Monday, February 22, 2016

To Kill a Mockingbird

With the news of Harper Lee's death over the weekend, there will be renewed interest in her writing.  Lee's most famous work, "To Kill a Mockingbird" was published in 1960 and has become a fixture in the reading lives of so many over the years.  The work is still assigned as to high school students as a means to open up a dialogue about race relations in America. Most readers will have some experience with her work and the news of her death has been a topic of conversation amongst many.

In 2015, a new novel by Lee was released, "Go Set a Watchman."  The manuscript is shrouded in mystery and unresolved questions.  After her original book was published, Lee never wrote another work that was released.  Lee was living with age-related health issues when she is supposed to have approve the release of the Watchman manuscript.  Most who read the novel feel that it is only an earlier draft of Mockingbird.

"To Kill a Mockingbird" is a novel that allows readers to walk through any of Nancy Pearl's doorways to seek enjoyment.  The story is a taut and dimensional thriller with a central courtroom drama and satisfying side plots.  The characters are varied and still relatable nearly 50 years later.  The setting is interested and well drawn with realistic characteristics.  The language is interesting as it features dialect and the complex story is narrated by a child.  This is truly a rare book that can appeal to almost every reader and is thoroughly enjoyed by all who choose to read it.

Research suggests that Mockingbird was a book that was a heavily edited debut novel.  It is quite likely that Lee had several versions of the novel before the final version was released.  I believe Watchman is one of those versions and does not represent a completely new work of note.  As so few books can really straddle all appeal factors, I feel that the book is the genius of more than one writer.

The book remains an important book and a great read no matter how it came to be.  Lee will be forever remembered as the author of a book that taught so much about the history of the American south.

Monday, February 15, 2016

Going to the Dogs. . .

The 2015 Scotiabank Giller Prize was awarded to Andre Alexis' "Fifteen Dogs."  The book is a short read that features a divine bet between Apollo and Hermes.  Apollo bets Hermes that dogs will be no happier if they are afforded human intelligence and self-awareness.  Those with a philosophical background will enjoy the argumentation that occurs throughout the narrative as the Gods debate the nature of the dogs' experience on earth.  The use of dogs as the main characters is also timely as canines have largely displaced actual human offspring on the desirability scale.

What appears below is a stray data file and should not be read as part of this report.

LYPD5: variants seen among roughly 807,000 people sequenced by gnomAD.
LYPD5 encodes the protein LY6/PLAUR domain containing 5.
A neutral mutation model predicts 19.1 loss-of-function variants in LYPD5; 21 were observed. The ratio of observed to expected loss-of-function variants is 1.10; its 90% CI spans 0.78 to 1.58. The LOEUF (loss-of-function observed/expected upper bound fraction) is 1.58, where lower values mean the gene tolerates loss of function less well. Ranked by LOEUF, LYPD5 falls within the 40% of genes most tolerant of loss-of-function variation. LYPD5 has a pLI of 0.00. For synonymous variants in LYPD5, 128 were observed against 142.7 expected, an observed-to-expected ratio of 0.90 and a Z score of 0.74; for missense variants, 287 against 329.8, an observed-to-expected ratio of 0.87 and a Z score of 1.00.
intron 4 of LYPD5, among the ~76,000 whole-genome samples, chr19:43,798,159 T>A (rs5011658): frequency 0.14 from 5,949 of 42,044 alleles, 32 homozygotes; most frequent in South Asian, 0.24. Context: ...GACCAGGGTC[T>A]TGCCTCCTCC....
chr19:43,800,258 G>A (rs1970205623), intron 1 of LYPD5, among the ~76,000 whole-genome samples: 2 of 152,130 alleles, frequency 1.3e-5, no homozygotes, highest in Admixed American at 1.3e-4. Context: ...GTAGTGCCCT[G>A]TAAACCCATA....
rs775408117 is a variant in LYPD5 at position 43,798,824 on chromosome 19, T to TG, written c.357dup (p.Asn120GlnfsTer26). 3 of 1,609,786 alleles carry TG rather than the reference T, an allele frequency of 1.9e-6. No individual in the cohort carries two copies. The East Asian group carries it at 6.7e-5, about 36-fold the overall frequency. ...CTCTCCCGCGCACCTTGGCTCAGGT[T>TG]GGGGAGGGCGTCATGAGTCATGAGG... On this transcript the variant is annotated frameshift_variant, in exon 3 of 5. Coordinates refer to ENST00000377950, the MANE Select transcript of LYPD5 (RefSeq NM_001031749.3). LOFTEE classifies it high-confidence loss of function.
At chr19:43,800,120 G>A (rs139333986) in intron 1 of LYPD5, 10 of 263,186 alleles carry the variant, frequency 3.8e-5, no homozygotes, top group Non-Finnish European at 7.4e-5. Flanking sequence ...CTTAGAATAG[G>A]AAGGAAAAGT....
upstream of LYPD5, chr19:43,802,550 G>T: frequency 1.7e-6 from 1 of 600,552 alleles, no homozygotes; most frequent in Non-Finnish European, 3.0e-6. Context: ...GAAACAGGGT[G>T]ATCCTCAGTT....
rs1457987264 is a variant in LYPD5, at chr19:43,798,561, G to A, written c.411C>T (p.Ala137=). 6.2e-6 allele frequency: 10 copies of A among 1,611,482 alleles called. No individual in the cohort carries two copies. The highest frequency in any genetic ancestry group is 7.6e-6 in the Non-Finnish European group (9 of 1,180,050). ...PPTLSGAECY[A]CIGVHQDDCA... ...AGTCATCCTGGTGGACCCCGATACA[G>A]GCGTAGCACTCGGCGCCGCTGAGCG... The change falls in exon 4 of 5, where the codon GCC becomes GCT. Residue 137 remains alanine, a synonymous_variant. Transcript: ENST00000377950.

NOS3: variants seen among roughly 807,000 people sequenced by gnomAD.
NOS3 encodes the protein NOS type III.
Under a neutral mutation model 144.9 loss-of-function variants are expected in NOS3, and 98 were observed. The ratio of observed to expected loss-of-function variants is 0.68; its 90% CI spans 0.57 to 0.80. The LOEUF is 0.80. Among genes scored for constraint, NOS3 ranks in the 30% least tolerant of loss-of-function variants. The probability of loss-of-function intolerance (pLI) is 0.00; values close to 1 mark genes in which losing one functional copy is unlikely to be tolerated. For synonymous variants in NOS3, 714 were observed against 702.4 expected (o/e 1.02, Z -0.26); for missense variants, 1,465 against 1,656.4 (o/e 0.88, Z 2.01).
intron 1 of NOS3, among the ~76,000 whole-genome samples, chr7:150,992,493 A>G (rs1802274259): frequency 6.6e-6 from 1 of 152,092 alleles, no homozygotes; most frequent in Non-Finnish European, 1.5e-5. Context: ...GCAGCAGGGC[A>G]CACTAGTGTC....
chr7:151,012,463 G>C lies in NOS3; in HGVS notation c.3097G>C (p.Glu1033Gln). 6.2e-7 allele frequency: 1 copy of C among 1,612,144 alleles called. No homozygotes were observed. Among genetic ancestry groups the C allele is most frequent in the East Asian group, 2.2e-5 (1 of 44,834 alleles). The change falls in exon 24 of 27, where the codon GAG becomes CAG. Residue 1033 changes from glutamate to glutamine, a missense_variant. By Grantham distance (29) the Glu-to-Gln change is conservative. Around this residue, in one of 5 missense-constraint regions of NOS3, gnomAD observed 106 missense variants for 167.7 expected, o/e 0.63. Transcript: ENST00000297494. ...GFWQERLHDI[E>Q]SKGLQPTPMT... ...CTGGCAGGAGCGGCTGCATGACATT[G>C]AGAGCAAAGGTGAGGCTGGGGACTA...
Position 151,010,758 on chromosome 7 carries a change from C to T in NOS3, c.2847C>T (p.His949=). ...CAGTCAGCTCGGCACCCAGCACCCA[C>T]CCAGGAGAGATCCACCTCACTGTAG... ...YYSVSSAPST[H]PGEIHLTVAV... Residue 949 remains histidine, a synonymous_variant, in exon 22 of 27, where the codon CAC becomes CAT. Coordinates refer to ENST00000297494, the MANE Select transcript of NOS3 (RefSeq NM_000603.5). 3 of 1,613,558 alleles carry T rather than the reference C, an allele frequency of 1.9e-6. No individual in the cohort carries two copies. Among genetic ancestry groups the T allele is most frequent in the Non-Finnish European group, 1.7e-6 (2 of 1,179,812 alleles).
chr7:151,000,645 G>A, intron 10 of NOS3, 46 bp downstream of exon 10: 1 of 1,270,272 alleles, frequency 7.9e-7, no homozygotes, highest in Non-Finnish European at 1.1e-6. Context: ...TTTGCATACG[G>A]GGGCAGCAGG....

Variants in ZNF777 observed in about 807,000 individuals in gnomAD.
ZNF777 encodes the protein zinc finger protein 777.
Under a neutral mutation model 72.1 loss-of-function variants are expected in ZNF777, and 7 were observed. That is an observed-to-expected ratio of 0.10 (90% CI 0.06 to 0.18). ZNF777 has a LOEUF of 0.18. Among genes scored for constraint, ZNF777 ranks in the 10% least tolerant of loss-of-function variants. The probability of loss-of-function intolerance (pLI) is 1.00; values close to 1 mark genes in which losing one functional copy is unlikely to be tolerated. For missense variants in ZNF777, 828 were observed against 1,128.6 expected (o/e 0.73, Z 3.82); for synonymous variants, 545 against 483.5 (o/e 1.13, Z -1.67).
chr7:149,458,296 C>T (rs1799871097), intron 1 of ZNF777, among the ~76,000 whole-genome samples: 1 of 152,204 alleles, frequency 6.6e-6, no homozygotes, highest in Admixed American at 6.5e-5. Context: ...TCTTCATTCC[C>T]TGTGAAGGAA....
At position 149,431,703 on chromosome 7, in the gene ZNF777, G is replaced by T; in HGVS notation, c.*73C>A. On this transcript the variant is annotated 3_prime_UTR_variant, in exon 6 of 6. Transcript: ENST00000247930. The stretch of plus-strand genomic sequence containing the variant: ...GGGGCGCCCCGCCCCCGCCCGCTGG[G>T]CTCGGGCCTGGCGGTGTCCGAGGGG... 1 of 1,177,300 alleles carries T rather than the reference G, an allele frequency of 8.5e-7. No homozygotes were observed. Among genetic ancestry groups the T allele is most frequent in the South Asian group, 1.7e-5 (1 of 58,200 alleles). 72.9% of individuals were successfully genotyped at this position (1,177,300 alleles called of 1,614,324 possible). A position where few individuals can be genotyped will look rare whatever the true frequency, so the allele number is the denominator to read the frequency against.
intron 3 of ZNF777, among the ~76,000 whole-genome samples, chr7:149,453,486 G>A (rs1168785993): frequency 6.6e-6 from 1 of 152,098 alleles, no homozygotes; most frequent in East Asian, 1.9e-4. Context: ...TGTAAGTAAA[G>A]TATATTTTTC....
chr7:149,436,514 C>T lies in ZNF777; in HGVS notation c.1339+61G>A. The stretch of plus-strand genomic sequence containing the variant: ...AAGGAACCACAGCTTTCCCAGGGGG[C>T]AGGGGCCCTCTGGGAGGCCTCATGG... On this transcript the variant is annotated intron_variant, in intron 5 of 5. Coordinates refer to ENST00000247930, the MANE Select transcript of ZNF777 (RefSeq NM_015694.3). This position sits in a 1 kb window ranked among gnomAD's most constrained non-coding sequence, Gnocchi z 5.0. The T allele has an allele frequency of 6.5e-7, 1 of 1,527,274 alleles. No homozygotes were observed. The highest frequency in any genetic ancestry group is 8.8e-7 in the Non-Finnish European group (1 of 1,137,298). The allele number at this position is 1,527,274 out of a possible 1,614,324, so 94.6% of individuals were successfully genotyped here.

The Conversation:

Customer: "I just finished Alexis' "Fifteen Dogs."  Man, it was so good, I can see why it won the Giller.  I usually don't enjoy Canadian fiction - too much winter, too many bears and too many sad people."

Readers' Advisor: "I hear that!  The book was very urban and the focus on dogs was unique?  What did you like most about the book?"

C: "I really liked the argument between the Gods.  Like we are all just pawns in this game beyond our control.  I like to think of how animals are like humans or how they would behave like humans."

RA: "If I make some suggestions, would you be okay if there were no animals?  What if it focused just on philosophy or divine activities?"

C: "Nah, just the animals.  I think I want to read a few more books that feature animals in human situations."

The Search:

In my catalogue, the subject headings weren't too useful.  I did get a few options from using those, but I feel like the suggestions will come from past reading experience.  There are additional lists on goodreads and Genreflecting will have "animal stories."


Animal Farm (1945) George Orwell

Watership Down (1972) Richard Adams

The Evolution of Bruno Littlemore (2011) Benjamin Hale

Timbuktu (2000) Paul Auster

The Dog Master: A Novel of the First Dog (2015) W. Bruce Cameron

Project Nim (2011) film

Monday, February 8, 2016

Readers' Advisory at the OLA Superconference

I'll give you some direct links to RA session with additional content from the Superconference sessions

Psst…I Read Smutty Books
Chantelle Taylor, Kristel Fleuren-Hunter, Lesley Brann
  • A session about erotic fiction.

  • OLA's RA Committee's session about readers' advisory.

  • Serving the larger LGTBQ youth community.